Y. H. Fang, founder of Yachting Singapore, took part in a panel discussion on the second day of the Asia Pacific Superyacht Conference (APSC) to report on the progress of the area, how to grow confidence among visiting vessels, and the significance of the show to local businesses.  Speaking to SuperyachtNews after the session, Fang was pleased to see the show improve in 2018. “The show is so much better than last year. Last year, I think that the number of yachts wasn’t that great. But this year, they have bounced back,” he explains.

As a port agent that specialises in superyachts, Fang explains that in addition to offering support for captains and crew, he has started to organise logistics for visiting superyachts, to alleviate any hassle they may encounter in the region. Further, he wishes to dispel any myths that superyachts visiting the area are being overcharged. “A lot of yachts are bypassing Singapore because of the perception that it is expensive, but it’s not, it’s cost-effective. If you are short on time and you need to accomplish a lot, there is nowhere else in the region that offers the same things.” He argues that you can get supplies, provisions and fuel in an efficient way –all in the same place – and also be sure of the quality. In other ports, the value may seem more attractive, but the products cannot be guaranteed. “In terms of our role in the superyacht market, we have a value-proposition here. We hope that the Singapore Yacht Show can bring across that message and continue to attract yachts to the region.”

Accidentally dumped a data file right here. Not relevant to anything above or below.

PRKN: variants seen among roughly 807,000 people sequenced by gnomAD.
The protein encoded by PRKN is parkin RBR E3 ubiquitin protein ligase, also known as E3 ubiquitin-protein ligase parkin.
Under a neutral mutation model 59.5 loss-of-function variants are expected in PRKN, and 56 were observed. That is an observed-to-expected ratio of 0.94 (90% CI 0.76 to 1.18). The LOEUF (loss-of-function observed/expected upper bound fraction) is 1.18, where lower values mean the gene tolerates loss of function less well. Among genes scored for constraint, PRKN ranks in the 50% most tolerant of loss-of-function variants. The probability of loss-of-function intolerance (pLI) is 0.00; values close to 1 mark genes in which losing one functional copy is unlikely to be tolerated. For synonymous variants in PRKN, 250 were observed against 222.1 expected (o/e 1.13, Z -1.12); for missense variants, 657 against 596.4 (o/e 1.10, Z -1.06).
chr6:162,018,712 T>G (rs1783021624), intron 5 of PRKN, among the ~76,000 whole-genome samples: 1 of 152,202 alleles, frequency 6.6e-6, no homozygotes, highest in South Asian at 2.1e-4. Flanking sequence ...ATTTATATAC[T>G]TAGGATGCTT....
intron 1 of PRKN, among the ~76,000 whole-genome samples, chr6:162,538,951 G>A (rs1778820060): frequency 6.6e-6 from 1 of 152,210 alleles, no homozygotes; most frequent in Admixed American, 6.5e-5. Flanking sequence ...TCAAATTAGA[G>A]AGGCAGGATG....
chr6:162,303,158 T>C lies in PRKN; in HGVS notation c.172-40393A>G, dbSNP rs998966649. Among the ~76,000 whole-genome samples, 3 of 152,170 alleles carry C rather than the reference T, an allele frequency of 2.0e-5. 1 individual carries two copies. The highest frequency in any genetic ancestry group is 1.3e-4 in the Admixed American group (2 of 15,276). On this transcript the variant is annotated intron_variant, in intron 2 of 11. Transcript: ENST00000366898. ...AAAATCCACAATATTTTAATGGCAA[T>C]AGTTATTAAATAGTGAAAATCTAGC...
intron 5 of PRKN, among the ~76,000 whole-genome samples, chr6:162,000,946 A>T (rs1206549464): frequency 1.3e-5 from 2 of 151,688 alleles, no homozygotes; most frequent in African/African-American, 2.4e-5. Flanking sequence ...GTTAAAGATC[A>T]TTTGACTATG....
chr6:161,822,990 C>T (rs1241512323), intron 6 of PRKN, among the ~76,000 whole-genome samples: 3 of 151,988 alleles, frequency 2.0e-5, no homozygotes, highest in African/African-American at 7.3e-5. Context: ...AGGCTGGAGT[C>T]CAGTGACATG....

Discussing the yachting world in Singapore on a wider scale, Fang is optimistic and forecasts even more growth. “We are also lucky that yachts are growing bigger. Increasingly, we are using commercial docks as the yachts are so big that marinas can’t accommodate them.” He explains how the larger superyachts visiting Singapore have started to anchor at a disused cruise terminal, as the marinas are sometimes too full to accommodate them. Ironically, this was the area that hosted visiting yachts before any of the marina developments were seen in Singapore.

During the panel discussions, Captain Mike Rouse of M/Y La Familia, argued that the region faced four key issues: changing regulations, plastic pollution, troubled agent interactions and visa issues. For Fang, all but the first can be solved with education. Plastic pollution, he argued, will be alleviated with the evolving mindsets of generations. “Younger people feel guilty using plastic bottles, but when people of my age were growing up, we didn’t think twice about using it and throwing it away.” He adds that habits are changing, but highlights how plastic pollution is an issue in poorer countries, as they aren’t focusing on it as a priority.

Fang is positive that, due to the amount of money that yachts are spending in the area, the government will start to take notice. “We need to change the mindset of a lot of people. But these are all restrictions that will change once they see the economic benefit.” Fang explains that at the moment, superyachts are not allowed to anchor outside of marinas. He argues that when this changes, it will encourage larger yachts to not only to visit Singapore but also take part in the Singapore Yacht Show. “I hope that the show will continue to grow, and I look forward to the day when we allow many more superyachts to be anchored on the outside of the marina.”

 

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